What started as a free browser-based space shooter from the twisted mind of Australian developer Jarred “Farbs” Woods has, with the help of the equally twisted minds of Pixelsaurus Games, been reborn as Captain Forever Remix. In this 2D rougelike you travel the cosmos blowing up randomly generated enemies, mining the resulting space debris for spare parts to create the baddest, raddest spaceship in this or any other solar system. You need a tough ship if you’re going to stop your little brother, the evil King Kevin, who has frozen the Sun, poked out Jupiter’s eye, drank Neptune’s oceans, and cracked Earth like an egg with the help of his mutant animal army. It’s a an epic adventure that has been given an appropriately epic limited edition boxed release through IndieBox.
IndieBox is a monthly subscription service that gives indie games the big budget treatment, re-packaging them in a collector’s edition box and mailing them to your doorstep. Each IndieBox includes a retro-style game box, USB game cartridge, color instruction manual, original soundtrack and other collector’s items related to that month’s featured game, which are always Windows, Mac and Linux compatible. The service starts at $19.99 + shipping ($4 for United States, $9 for Canada and $14 for international) for a recurring 1-month subscription, which you can cancel at anytime. Of course, if you lock into a longer commitment, like a 3-month ($17.99/mo + shipping) or 6-month ($15.99/mo + shipping) subscription, you save some scratch. You can also purchase copies of previous IndieBoxes for $24.99 + shipping while supplies last.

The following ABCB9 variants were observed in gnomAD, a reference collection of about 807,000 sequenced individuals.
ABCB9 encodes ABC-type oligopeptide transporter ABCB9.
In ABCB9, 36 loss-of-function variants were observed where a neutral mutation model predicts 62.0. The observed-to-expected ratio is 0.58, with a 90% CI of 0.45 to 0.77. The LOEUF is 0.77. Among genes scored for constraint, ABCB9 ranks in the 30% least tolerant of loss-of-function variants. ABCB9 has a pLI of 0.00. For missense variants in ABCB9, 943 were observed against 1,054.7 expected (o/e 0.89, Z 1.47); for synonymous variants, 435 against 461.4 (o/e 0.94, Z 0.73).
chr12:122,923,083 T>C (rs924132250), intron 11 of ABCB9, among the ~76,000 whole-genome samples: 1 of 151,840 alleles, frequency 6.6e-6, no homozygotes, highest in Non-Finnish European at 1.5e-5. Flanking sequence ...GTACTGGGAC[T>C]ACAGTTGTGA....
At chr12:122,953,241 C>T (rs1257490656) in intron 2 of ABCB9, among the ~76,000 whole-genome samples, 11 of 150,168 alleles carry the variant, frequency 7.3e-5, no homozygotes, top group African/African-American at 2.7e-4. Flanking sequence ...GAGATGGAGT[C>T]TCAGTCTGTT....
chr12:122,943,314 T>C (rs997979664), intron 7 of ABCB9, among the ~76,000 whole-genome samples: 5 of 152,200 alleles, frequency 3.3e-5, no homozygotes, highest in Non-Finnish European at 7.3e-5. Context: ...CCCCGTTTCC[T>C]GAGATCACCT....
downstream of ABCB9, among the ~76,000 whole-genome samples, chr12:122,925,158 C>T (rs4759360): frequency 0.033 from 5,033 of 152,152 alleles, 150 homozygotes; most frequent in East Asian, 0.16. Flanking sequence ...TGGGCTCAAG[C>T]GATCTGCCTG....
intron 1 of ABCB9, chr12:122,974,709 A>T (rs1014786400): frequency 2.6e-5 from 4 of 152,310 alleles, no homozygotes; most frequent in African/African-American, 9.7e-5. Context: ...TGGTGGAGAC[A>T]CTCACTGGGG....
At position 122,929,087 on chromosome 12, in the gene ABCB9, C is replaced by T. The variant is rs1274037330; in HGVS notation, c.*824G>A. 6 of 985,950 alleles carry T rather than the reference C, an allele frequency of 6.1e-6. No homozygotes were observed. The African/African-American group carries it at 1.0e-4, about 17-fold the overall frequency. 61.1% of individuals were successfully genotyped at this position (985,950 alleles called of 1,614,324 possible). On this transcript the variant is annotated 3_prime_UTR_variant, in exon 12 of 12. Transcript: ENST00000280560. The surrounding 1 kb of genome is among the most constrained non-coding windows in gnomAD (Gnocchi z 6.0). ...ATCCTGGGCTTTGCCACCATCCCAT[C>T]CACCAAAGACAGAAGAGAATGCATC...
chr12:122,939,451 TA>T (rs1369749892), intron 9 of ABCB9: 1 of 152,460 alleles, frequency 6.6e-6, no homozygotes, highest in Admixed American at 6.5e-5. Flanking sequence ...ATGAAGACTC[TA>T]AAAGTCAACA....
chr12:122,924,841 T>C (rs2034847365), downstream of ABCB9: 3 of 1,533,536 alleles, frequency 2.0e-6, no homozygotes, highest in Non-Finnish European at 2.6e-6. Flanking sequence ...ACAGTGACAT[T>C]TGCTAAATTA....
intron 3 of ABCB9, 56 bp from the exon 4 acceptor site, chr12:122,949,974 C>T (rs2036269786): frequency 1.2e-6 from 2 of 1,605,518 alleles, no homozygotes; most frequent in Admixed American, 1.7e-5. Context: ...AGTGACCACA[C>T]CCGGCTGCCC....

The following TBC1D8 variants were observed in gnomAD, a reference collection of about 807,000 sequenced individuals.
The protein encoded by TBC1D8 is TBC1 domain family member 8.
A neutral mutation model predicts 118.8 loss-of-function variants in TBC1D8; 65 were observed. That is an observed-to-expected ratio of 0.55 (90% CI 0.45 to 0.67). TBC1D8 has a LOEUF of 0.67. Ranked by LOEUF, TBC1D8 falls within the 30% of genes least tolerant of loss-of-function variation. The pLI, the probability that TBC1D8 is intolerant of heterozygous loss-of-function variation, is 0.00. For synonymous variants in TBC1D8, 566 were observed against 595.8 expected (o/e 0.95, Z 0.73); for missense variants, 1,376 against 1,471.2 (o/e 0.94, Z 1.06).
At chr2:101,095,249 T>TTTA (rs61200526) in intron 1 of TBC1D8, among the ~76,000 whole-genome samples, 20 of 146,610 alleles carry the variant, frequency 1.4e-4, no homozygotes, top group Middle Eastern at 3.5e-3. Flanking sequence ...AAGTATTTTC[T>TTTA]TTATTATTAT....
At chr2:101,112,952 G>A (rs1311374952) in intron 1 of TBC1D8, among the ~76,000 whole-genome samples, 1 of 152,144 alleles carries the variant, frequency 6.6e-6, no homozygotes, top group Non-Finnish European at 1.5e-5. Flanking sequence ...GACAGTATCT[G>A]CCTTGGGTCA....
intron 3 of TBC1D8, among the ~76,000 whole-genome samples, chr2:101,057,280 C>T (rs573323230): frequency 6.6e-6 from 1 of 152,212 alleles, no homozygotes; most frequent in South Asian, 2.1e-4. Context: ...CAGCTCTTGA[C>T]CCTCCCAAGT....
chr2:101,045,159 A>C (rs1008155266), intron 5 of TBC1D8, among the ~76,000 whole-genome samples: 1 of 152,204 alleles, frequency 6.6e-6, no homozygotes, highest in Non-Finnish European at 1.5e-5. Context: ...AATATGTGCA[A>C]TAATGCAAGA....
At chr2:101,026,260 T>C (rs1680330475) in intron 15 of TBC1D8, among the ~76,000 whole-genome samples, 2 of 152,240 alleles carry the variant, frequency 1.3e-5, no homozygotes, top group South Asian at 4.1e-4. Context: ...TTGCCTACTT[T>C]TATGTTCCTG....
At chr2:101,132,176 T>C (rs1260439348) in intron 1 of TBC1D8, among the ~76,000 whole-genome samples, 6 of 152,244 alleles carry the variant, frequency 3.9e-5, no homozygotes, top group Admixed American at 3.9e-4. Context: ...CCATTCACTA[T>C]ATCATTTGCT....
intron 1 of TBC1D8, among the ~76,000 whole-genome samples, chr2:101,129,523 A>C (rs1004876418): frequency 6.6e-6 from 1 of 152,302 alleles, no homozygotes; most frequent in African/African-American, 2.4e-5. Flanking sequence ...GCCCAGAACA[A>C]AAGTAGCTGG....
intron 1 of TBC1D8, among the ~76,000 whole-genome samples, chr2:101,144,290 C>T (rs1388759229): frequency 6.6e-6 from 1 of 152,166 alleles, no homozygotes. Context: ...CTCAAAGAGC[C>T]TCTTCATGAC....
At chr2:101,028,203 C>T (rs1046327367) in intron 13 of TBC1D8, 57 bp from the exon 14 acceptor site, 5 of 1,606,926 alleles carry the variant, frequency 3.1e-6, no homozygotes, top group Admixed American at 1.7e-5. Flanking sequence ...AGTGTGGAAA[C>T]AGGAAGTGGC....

Collector’s Edition Cereal Box
This is the best box art to date, and I mean of any box. The idea is that the space opera unfolding in Captain Forever Remix is actually happening inside the over-active imaginations of a brother and sister, running high on too much sugar and too many Saturday morning cartoons. This is perfectly captured in the cereal box-inspired art, a
parody homage to the sugar-soaked, neon-colored, chemical-packed breakfast foods of the 90’s; Cinnamon Mini Buns are as far from Paleo as it gets. I loved that in addition to containing 110% of the recommended dietary allowance of fun, and 100% of lazers, cereal prizes and cereal nostalgia, it’s also got 5% salt. So, drink lots of water when playing!
King Kevin Scratch and Sniff Sticker
I thought the bullseye-esque design of this sticker – with the melting, mutated grin of evil King Kevin dead center – was cool. But even cooler is that scratching it releases a bubblegum-scented cloud of pure nostalgia. The only thing that made my mind-numbingly boring 5th grade social studies class bearable were the scented stickers on every aced pop quiz; years later, I couldn’t explain The Three-Fifth Compromise to save my life, but I could describe in vivid detail the look, the feel and most importantly the smell of every scratch and sniff sticker to ever grace a paper from that class.
These plastic poppers – a.k.a. rubber poppers, a.k.a. jumping poppers, a.k.a. hopper poppers, a.k.a. eye poppers – were a popular toy the 90’s. They’re great for providing a practical demonstration in physics, as the molded rubber hemisphere stores elastic potential energy when inverted, causing the popper to fly into the air when the energy is released. They’re also great for making fake hickies. Not that I did that.